From the Vaccination Re-Education Discussion Forum Facebook Group!
From the Vaccination Re-Education Discussion Forum Facebook Group!
Note: Most sources are hyperlinks, which will either take you directly to a website, a PDF viewer, or are found at the bottom of this page under the "Downloads" section.
Hepatitis B is a blood-borne virus. It does not spread in a community setting, especially among children who are unlikely to engage in high-risk behaviors, such as needle sharing or sex.
How is Hepatitis B spread?
Hepatitis B is spread when blood, semen, or other body fluid infected with the Hepatitis B virus enters the body of a person who is not infected. People can become infected with the virus during activities such as:
• Birth (spread from an infected mother to her baby during birth)
• Sex with an infected partner
• Sharing needles, syringes, or other drug-injection equipment
• Sharing items such as razors or toothbrushes with an infected person
• Direct contact with the blood or open sores of an infected person
• Exposure to blood from needlesticks or other sharp instruments CDC
Who is at risk for Hep B?
Although anyone can get Hepatitis B, some people are at greater risk, such as those who:
• Have sex with an infected person
• Have multiple sex partners
• Have a sexually transmitted disease
• Are men who have sexual contact with other men
• Inject drugs or share needles, syringes, or other drug equipment
• Live with a person who has chronic Hepatitis B
• Are infants born to infected mothers
• Are exposed to blood on the job
• Are hemodialysis patients
• Travel to countries with moderate to high rates of Hepatitis B
There are two kinds of Hepatitis B. 5-10% of infected adults will develop a chronic hepatitis B infection (that is, 90% will recover).
• Acute hepatitis B infection lasts less than six months.
• Chronic hepatitis B infection lasts six months or longer.
The good news is that most people with chronic or acute hepatitis B should expect to live a long and healthy life. (2) Hepatitis B Foundation - Acute vs. Chronic
Signs and symptoms of hepatitis B range from none to mild to rarely severe. They usually appear about one to four months after you've been infected, although you could see them as early as two weeks post-infection. Some people, usually young children, may not have any symptoms.
Hepatitis B signs and symptoms may include:
Treatment to prevent infection after exposure:
If you know you've been exposed to the hepatitis B virus an injection of immunoglobulin (an antibody) given within 12 hours of exposure to the virus may help protect you from getting sick with hepatitis B.
Treatment for Hep B:
Not everyone who tests positive for hepatitis B will require medication. (3) Hepatitis B Foundation - Adults Living with Hep B
If your doctor determines your hepatitis B infection is acute - meaning it is short-lived and will go away on its own - you may not need treatment. Instead, your doctor might recommend rest, proper nutrition, and plenty of fluids while your body fights the infection. In severe cases, antiviral drugs or a hospital stay is needed to prevent complications.
Some people diagnosed with chronic hepatitis B infection may need antiviral
medications and treatments. For rare, severe cases where liver damage has occurred, a transplant may be necessary￼.
History of the Vaccine
The first vaccine against hepatitis B, Heptavax-B, (Merck Sharp & Dolme) licensed and approved by the FDA in November of 1981, was comprised of antigen from human serum harvested from several IV drug users and homosexual men.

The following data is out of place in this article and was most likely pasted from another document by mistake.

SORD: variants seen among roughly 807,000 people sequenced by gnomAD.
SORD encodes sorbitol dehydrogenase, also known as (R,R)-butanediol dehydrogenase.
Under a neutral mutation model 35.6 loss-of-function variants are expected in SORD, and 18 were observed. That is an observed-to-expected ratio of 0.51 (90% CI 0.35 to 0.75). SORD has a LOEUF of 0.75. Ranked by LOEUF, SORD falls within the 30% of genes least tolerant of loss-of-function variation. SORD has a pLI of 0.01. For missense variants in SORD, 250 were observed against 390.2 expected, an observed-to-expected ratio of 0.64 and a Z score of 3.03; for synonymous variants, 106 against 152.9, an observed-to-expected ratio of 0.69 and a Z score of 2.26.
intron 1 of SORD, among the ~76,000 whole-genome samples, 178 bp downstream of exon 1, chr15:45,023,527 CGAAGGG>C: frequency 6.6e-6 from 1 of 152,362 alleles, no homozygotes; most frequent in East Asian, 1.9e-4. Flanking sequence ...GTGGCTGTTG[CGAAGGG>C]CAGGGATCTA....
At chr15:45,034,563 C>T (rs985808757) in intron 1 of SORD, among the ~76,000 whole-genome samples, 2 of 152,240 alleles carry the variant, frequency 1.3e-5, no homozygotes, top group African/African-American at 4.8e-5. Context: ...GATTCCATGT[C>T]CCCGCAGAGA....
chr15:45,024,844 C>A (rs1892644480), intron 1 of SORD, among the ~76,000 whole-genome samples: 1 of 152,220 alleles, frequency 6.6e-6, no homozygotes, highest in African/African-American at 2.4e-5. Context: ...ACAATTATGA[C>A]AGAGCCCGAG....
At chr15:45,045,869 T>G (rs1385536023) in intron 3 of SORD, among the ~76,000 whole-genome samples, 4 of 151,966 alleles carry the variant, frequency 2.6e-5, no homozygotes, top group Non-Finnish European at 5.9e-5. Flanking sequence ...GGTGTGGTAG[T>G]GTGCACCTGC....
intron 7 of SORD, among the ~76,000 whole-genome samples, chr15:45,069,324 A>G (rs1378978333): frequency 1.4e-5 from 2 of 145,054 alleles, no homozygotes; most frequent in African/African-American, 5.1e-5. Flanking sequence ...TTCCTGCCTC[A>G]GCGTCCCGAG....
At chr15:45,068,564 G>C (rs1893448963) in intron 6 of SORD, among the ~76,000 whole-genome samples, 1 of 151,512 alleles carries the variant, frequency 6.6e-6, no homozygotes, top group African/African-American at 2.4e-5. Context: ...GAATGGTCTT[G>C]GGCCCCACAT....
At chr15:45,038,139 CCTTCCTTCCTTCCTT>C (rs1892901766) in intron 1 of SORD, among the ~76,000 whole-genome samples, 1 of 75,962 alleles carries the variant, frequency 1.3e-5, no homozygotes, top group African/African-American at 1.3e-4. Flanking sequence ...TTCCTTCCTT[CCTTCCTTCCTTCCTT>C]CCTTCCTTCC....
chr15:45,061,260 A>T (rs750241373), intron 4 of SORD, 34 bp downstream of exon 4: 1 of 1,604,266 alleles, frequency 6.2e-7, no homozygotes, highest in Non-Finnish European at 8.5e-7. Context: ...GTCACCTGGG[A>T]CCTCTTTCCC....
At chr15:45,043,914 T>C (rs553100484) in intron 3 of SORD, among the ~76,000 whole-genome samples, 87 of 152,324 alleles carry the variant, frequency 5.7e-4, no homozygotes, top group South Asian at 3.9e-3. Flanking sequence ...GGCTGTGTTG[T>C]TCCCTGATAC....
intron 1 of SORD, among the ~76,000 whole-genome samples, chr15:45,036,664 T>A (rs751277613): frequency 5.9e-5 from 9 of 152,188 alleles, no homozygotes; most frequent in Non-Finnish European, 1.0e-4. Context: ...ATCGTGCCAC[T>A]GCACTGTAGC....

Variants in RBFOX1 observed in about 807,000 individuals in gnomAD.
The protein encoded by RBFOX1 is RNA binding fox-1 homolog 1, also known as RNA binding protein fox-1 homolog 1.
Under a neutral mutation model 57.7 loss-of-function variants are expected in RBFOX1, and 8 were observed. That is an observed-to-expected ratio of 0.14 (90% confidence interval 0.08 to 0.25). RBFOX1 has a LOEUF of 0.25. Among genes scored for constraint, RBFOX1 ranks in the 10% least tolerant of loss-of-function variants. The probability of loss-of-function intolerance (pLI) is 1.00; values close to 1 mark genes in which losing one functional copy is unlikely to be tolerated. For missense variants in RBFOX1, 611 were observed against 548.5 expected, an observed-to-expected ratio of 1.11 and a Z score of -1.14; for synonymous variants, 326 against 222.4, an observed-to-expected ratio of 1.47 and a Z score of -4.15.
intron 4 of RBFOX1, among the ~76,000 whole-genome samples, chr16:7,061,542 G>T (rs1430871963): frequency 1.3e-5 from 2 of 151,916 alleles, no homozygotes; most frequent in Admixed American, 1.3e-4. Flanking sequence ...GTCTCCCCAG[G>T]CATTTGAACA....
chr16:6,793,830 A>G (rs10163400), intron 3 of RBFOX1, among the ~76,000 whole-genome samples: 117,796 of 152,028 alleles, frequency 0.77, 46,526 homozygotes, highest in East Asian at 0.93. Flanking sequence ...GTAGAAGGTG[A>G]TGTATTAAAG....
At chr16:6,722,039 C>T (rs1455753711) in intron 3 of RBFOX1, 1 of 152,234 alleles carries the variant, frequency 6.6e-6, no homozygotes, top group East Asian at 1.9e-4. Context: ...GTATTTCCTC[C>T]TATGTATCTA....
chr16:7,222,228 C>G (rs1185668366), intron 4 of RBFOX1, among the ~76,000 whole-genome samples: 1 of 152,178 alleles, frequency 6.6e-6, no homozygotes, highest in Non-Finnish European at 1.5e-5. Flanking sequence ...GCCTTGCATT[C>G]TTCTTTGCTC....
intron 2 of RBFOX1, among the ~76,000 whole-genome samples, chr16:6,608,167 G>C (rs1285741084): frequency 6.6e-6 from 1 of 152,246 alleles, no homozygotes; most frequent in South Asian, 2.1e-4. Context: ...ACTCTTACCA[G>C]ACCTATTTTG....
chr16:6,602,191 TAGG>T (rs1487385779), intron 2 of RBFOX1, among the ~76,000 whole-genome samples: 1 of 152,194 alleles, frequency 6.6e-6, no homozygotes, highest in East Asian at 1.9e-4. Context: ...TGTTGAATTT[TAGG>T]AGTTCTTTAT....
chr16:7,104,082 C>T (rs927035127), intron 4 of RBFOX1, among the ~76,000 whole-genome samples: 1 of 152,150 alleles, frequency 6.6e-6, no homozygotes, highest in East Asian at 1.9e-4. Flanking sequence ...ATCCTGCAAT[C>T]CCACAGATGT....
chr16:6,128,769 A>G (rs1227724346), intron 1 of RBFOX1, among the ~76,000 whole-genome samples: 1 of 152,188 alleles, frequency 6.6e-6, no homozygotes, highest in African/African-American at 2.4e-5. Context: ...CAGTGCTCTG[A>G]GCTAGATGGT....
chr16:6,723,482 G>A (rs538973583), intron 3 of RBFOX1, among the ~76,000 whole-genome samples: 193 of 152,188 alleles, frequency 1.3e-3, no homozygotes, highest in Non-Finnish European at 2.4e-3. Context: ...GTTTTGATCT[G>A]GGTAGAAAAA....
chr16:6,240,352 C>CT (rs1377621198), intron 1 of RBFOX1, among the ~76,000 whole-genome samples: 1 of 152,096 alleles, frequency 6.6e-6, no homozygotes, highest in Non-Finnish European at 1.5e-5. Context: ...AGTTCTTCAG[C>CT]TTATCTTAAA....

When the vaccine became available in 1982, the Immunization Practices Advisory Committee (ACIP) recommended the vaccine for individuals who were at risk for contracting hepatitis B due to their lifestyles or their employment. (6) CDC MMWR on Hep B
The targeted population included IV drug users, homosexual males, individuals with multiple sex partners, newborn infants of hepatitis B positive mothers and health care workers and patients exposed to blood and blood products.
The Hep B vaccine was developed for adults. But it wasn't popular, and they weren't getting a return on their investment. So, they decided to give it on the first day of life.
In advance of the 1991 ACIP recommendations, stories appeared in the media portraying Hepatitis B as a deadly disease that was rampant in the United States. News sources were reporting hepatitis B was spreading quickly and everyone was at risk of infection from over 1.5 million persons in the U.S. living with the disease. (8) "Do We Really Need Hepatitis B on the Second Day of Life?"
Of course, babies aren't the at risk population, and there are dangerous side effects- even death. But, they needed to recoup their losses, and this demographic ended up being very profitable, so it was a good business decision. This is why they give it to infants.
"Frustrated by the widespread reluctance of adults to be vaccinated against hepatitis B, a leading cause of serious illness and death, a Federal panel has recommended that all children be vaccinated instead. It is the first time that the Immunization Practices Advisory Committee of the Public Health Service has recommended vaccinating children for a disease whose victims are almost always adults." (9) NYT - U.S. Panel Urges That All Children Be Vaccinated for Hepatitis B
The Aluminum Problem
The FDA determined 25 mcg per kg of aluminum to be the safe daily injectable (IV) amount. No studies other than IV injection (intramuscular) limits have been done. The Hep B vaccine is 250 mcg. So a 7 lb. (3.18 kg) baby would have a max of 15 mcgs daily. How does 17x the safe amount magically end up being okay? Vaccines go up to 850 mcgs also. Doctors are giving multiples at once with zero safety tests ever having been done in that regard. Another question is, how and why the FDA could approve vaccines having this knowledge of the math?
According to the American Society for Parenteral and Enteral Nutrition (ASPEN), the daily limit is 4 to 5 mcg of aluminum per kilogram of body weight.
Interestingly, nothing in the FDA documents or studies mentions vaccines. Safe levels are discussed only for IV solutions and injectable medications. It is impossible to find any discussion of safe aluminum levels in vaccines…anywhere.